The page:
EGU23-1833, updated on 22 Feb 2023
EGU General Assembly 2023
© Author(s) 2023. This work is distributed under
the Creative Commons Attribution 4.0 License.

Coral record from Bicol in the Philippines in 1770-1850 reveals volcanic cooling 

Hodaka kawahata1, Mayuri Inoue2, Mutsumi Chihara3, Fernando P. Siringan4, and Atsuhi Suzuki5
Hodaka kawahata et al.
  • 1Waseda University, The University of Tokyo
  • 2Okayama University
  • 3Kochi University
  • 4University of the Philippines
  • 5Natural Institute of Advanced Industrial and Science Technology (AIST)

Historical variations of surface temperature in relation to anthropogenic warming has been extensively studied to understand and explain changes in the contemporary climate and to estimate future impacts of climate.Inoue and others (in press) reported 228-year records of SST and salinity based on Sr/Ca and d18O analyses with monthly time resolution in Porites coral collected from Bicol, the south of Luzon, Philippines. From the record, we investigated the relationship between the reconstructed temperature and the volcanic eruptions in late 18th and early 19th centuries. There were three great famines during the Edo period (1603-1868), almost corresponding to the Little Ice Age in Japan. Of these, the two were Tenmei-famine in 1782-88 and Tempo-famine in 1833-1837(1839). Both famines killed more than one million people out of a population of 30 million at the time. Our reconstructed SST anomaly fluctuated between -1.5 degree and 1.0 degree. The age model may have the age error of 1 to 3 years before around 1885. Large minima occurred in 1785-1789, 1815-1819, 1822-25, 1827-1830, 1834-1835, and 1843-45. Although Laki eruption, Iceland in 1783 has not been described as large eruption in previous studies, their impact on climatic conditions around the Northern Hemisphere and the globe was widely reported. Local eruption of Asama, Japan in 1783 released volcanic ash over eastern part of Japanese islands, In addition, El Nino event, which often cooled down Japanese islands, occurred around those days. These factors could have been responsible for the coldest anomaly in 1785-1789 recorded in our coral samples. After Tambora eruption in 1815, sharp cooling of around 2.0˚C was observed in our coral sample and almost all over the world. However, this world-scale cooling event have no or little influence on the climate in Japanese islands based upon the historical documents and agriculture records. This indicates that there are areas that do not become exceptionally cold, even by major volcanic eruptions. Large eruption of Galunggung in 1822 brought appreciable degree of cooling anomaly in our coral record. Just after Agung exploded largely in 1843, reconstructed SST significantly dropped. This might be also influenced by another large eruption of Cosiguina in Nicaragua, central America. Cold climate was reported in Japan, New York in USA, Copenhagen, UK in 1840s. It was most likely global in scale in the northern hemisphere.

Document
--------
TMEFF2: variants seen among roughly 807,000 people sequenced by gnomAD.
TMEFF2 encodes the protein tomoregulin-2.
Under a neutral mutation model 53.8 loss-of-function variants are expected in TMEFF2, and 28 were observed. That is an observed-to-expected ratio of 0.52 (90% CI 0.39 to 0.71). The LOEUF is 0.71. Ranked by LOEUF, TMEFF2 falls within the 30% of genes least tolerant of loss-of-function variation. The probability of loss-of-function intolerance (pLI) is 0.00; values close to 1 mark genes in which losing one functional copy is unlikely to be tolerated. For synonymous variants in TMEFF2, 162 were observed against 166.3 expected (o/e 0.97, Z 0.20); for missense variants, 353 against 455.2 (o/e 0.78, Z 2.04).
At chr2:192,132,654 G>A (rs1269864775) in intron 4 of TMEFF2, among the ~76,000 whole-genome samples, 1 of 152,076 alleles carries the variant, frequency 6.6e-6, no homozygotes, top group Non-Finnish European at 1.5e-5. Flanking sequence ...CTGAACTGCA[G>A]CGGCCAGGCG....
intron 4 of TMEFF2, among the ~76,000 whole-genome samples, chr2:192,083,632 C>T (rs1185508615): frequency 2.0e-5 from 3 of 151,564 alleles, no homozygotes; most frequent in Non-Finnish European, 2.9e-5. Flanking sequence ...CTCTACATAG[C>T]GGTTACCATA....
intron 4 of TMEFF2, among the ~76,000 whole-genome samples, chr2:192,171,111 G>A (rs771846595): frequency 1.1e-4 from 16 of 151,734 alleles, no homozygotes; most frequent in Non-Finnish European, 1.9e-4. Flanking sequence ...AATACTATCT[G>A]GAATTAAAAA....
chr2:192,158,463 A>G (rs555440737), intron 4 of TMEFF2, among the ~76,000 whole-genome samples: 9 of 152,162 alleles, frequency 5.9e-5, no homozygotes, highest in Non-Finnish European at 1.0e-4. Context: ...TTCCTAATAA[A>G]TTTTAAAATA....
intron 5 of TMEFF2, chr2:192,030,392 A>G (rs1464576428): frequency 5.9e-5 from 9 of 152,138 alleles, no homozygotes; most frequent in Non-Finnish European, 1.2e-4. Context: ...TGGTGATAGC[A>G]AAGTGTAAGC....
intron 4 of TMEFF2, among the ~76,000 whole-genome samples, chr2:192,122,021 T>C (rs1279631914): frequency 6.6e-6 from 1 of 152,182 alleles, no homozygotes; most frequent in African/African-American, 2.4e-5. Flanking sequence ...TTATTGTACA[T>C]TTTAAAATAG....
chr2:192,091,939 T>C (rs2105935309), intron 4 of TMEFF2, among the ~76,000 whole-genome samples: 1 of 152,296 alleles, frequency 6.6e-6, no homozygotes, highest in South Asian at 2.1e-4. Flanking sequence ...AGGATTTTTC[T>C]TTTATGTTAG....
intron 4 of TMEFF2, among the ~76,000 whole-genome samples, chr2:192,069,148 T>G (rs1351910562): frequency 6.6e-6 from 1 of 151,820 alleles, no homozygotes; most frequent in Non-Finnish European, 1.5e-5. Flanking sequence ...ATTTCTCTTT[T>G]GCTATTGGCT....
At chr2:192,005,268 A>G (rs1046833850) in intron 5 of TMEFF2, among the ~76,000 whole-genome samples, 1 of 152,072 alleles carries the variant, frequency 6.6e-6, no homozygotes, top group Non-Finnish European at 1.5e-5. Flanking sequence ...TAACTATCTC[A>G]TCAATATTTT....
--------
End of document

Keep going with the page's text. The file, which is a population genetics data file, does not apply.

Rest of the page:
How to cite: kawahata, H., Inoue, M., Chihara, M., Siringan, F. P., and Suzuki, A.: Coral record from Bicol in the Philippines in 1770-1850 reveals volcanic cooling , EGU General Assembly 2023, Vienna, Austria, 24–28 Apr 2023, EGU23-1833,, 2023.